In the small riverside town of Bladnoch, Scotland, the town’s one road takes visitors close to the ivy-draped ruins of Baldoon Castle. The castle’s ruins are not the only ruined thing lingering in the area, there’s also the broken-hearted, and some say–mentally insane—ghost of young Janet Dalrymple. People report they sometimes see Janet drifting among the ruins in the nightgown she wore on her wedding night—the same gown that became covered in blood under mysterious circumstances that very night in 1669.
The eldest daughter of Sir James Dalrymple, First Viscount Stair, Janet, like so many of her peers, was forced by her parents into an arranged marriage. Many women her age willingly went to the altar to cement better family alliances, but Janet was already in love, and supposedly secretly betrothed, to the nearly penniless Archibald, Lord Rutherford. Faced with a loveless politically arranged marriage, Janet admitted her promise to Archibald. Her parents would not relent with their plans and finally, Janet was forced to tell Archibald she was to marry another.
At the kirk of Old Luce, not far from Carsecleugh Castle, Janet was accompanied by her two brothers to her wedding, and certain heartbreak. She was wed to David Dunbar, heir to Baldoon on a hot summer day.
The events leading to the haunting vary, depending on who told the tale. Some supporters of Dunbar felt certain Janet simply went insane with her disappointment and viciously stabbed her husband as there was no one closer at hand to blame for the fact she’d never be with her love, Archibald. Others claimed Archibald himself was concealed in the bridal chamber and stabbed the bridegroom—narrowly escaping through the window and into the garden as Dunbar lay bleeding. Yet a third version of the tale claims David wounded Janet, and he is found to be insane. Locals sometimes add additional spice to the story by claiming it was the Devil himself who attacked David Dunbar and tormented Janet until she lost her mind.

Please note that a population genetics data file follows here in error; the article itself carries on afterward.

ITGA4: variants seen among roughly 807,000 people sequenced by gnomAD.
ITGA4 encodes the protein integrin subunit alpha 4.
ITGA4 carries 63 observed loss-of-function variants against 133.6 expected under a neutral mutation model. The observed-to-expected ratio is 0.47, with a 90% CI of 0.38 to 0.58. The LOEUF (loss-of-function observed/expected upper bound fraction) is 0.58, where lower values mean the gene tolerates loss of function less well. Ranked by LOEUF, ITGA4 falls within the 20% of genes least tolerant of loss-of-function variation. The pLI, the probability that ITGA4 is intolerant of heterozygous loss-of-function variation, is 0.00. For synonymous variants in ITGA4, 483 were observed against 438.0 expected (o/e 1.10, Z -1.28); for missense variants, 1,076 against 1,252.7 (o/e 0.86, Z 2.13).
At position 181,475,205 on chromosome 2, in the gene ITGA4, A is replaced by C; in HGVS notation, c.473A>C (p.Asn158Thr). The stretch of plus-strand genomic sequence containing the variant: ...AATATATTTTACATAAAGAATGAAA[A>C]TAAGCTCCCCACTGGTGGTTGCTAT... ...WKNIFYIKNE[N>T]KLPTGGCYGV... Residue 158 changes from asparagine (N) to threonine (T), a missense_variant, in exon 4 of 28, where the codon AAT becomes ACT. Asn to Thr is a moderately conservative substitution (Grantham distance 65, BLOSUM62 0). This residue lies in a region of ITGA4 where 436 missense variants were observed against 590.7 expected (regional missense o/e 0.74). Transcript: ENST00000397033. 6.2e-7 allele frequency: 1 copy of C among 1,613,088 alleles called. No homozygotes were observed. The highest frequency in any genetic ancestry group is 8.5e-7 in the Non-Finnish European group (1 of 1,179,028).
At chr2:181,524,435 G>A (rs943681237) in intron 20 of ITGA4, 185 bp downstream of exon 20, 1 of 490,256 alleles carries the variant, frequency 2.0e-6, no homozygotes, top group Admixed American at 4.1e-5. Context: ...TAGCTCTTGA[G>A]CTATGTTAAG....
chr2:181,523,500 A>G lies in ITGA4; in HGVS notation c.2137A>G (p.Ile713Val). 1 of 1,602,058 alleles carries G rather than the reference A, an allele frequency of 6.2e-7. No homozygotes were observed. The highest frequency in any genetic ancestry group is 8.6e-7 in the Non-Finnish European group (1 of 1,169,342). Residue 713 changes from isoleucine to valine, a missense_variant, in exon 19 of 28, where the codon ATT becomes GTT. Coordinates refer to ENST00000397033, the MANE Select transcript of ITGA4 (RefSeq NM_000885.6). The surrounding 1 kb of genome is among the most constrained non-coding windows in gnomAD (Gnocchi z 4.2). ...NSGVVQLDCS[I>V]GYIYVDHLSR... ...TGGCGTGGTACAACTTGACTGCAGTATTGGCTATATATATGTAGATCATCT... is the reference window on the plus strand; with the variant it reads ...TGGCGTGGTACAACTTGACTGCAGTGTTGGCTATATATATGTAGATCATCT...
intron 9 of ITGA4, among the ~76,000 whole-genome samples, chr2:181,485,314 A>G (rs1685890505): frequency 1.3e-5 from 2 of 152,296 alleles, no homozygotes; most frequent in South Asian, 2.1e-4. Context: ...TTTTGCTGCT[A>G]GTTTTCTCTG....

Regardless of what version of the tale you choose to believe, in the end, hearing shrieks and terrible wails, the door to the bridal chamber was broken down and Janet and David were both found—him stretched near the threshold, her in a corner–both bloody. David recovered from his wound and never talked about that night to anyone. He later remarried. Janet was not so fortunate to have another chance at love or marriage.
She died on September 12, 1669. She never spoke about the events of that night, either, and was considered by many to have utterly lost her mind.
Her story was later immortalized by the talented Sir Walter Scott in his “The Bride of Lammermoor.” People still claim her ghost can be seen on some hot summer nights, but most often she can be viewed on the anniversary of her death.